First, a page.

Skates fit "Cinderella" perfectly

     With a $250.000 worth of elaborate costumes and 6,000 pounds of ice, the St. Petersburg State Ballet On Ice will transform the Hemmens Cultural Center in Elgin into an ice-rink theater this weekend to perform composer Sergei Prokofiev's "Cinderella" on skates.
     "I was awed the first time I saw them," said Blythe Rainey-Cuyler, Hemmens' manager, who introduced the touring company to Elgin with the 1995 performance of "Sleeping Beauty".
     "It's quite amazing, because the skaters can do these leaps in these magnificentt costumes," she added. "It's like you're watching a ballet.... They're so graceful."
     A Russian crew will arrive in Elgin Friday to begin work on the ice rink.
     With interpreters at their side, the crew will be assisted by the Hemmens' maintenance staff, which will cart in loads of ice cubes that are placed over plastic sheets and mats that carpet the stage.
     Freon and compressors will keep the rink cool while water is added to smooth out the ice. Within 24 hours, the ice rink will be ready. Behind the back curtain, padding is placed on the walls to protect the ice dancers when they skate off stage.
     Backdrops are used to depict various scenes, such as the grand ball. The show runs 90 minutes with one intermission. After the production, the ice is chopped up and dumped outside behind the building.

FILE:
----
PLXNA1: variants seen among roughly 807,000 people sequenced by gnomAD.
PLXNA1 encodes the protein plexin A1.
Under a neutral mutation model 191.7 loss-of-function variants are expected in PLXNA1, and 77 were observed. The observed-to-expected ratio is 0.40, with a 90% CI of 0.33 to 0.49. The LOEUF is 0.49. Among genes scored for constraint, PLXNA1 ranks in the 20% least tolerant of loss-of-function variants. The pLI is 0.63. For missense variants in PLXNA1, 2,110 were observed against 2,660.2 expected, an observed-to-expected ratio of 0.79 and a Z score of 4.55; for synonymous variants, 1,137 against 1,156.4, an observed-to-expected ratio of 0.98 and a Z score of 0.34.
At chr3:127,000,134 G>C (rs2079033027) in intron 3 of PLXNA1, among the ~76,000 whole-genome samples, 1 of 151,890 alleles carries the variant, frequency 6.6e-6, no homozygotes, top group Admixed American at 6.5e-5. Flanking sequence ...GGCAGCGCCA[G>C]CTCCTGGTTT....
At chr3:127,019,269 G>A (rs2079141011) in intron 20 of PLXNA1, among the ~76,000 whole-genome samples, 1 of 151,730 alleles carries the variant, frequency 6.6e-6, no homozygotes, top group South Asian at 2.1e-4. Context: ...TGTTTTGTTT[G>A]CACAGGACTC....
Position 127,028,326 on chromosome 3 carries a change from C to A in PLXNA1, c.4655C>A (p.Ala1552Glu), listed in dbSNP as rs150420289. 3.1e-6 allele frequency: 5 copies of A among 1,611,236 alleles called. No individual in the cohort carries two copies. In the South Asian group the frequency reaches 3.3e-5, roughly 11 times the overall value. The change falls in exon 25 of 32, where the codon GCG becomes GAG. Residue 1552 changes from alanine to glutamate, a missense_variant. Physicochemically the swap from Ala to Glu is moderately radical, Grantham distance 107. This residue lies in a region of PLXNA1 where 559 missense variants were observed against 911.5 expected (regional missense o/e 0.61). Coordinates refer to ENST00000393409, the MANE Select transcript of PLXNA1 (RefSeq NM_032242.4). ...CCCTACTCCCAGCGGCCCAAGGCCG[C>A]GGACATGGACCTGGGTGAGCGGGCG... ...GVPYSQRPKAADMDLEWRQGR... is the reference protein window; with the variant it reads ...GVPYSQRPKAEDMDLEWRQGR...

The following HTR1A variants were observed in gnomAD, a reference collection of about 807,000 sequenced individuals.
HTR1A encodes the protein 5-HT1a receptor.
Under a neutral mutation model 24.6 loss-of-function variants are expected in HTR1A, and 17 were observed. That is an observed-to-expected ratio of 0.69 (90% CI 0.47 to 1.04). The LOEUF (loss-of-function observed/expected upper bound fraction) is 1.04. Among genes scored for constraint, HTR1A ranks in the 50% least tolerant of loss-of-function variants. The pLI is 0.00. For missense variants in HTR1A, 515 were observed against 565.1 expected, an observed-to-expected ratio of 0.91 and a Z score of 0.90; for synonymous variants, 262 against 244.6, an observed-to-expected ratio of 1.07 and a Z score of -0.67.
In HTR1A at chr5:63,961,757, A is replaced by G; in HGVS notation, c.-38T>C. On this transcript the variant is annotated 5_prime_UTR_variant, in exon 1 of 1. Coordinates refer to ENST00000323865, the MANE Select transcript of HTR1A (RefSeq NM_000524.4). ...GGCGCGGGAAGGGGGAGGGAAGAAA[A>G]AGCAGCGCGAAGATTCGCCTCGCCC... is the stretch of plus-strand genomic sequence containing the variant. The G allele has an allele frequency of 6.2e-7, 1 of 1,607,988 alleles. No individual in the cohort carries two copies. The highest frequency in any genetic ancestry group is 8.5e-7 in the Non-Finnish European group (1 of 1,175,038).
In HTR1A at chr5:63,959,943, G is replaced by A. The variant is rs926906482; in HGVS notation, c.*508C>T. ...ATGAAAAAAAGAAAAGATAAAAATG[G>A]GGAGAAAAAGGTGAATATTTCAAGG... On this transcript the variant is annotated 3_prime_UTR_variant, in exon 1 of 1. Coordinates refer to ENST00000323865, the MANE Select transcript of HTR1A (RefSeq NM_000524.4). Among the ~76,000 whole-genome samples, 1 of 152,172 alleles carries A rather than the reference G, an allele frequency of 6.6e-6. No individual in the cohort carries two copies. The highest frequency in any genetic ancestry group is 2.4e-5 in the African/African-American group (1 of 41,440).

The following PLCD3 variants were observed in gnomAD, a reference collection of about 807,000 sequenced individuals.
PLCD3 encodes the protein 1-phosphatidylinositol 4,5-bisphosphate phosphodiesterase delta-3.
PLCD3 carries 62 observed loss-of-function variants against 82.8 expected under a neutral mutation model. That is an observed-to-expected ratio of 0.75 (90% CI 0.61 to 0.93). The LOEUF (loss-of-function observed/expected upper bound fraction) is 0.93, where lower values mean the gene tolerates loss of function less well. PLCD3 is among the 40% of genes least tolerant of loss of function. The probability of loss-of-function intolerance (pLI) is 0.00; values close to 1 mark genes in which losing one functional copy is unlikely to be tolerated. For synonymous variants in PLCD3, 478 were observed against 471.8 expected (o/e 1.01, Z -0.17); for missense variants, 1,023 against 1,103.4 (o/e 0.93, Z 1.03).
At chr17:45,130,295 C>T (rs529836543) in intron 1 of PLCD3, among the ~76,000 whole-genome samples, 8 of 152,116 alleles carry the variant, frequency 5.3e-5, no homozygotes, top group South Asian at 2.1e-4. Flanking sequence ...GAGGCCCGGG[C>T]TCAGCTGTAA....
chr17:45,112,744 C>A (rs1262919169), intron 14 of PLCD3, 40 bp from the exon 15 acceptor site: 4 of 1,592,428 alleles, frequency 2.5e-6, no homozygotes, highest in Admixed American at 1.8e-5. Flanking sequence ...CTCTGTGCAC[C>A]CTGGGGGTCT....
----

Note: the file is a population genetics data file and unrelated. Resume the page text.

"A lot of people cannot imagine how it can be done on stage," said Rainey-Cuyler. We get people from the dance community because they know the ballet and they're very curious to see it performed on skates," she said."
     With their training rooted in the tradition of the Kirov Ballet in Russia, 35 skaters translate the ballet onto ice. All of the performers are former national champion skaters. Their choreographer is Konstantin Rassadin, a formal principal dancer with the Kirov Ballet whose resume includes performing with ballet legends including Rudolf Nureyev and Mikhail Baryshnikov.
     "This is not comic strips on ice," said Carol Bresner, executive producer of the Park Avenue Theatrical Group in New York, which promotes the show in the Unites States. "The art is taken very seriously. When [Rassadin] is translating the ballet to ice, he tries as closely as he can to come to the original feel of the choreography in the ballet."
     This will be the company's third appearance at the Hemmens after a two-year absence. The show will take place 8 p.m. Saturday at the Hemmens, 150 Dexter Ct., Elgin.

     Krystyna Slivinski
     Special to the Tribune

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